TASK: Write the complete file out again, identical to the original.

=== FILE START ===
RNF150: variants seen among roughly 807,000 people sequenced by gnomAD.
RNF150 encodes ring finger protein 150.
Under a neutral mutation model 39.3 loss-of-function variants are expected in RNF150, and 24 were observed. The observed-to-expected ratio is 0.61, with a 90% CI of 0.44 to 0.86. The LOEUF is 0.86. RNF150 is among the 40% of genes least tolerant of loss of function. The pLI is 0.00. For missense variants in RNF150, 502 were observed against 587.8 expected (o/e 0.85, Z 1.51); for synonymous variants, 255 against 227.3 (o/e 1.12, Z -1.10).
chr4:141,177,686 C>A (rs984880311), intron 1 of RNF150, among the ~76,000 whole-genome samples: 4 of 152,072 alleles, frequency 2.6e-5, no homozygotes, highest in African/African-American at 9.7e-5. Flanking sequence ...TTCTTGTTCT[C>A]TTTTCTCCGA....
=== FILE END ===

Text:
RNF150: variants seen among roughly 807,000 people sequenced by gnomAD.
RNF150 encodes ring finger protein 150.
Under a neutral mutation model 39.3 loss-of-function variants are expected in RNF150, and 24 were observed. The observed-to-expected ratio is 0.61, with a 90% CI of 0.44 to 0.86. The LOEUF is 0.86. RNF150 is among the 40% of genes least tolerant of loss of function. The pLI is 0.00. For missense variants in RNF150, 502 were observed against 587.8 expected (o/e 0.85, Z 1.51); for synonymous variants, 255 against 227.3 (o/e 1.12, Z -1.10).
chr4:141,177,686 C>A (rs984880311), intron 1 of RNF150, among the ~76,000 whole-genome samples: 4 of 152,072 alleles, frequency 2.6e-5, no homozygotes, highest in African/African-American at 9.7e-5. Flanking sequence ...TTCTTGTTCT[C>A]TTTTCTCCGA....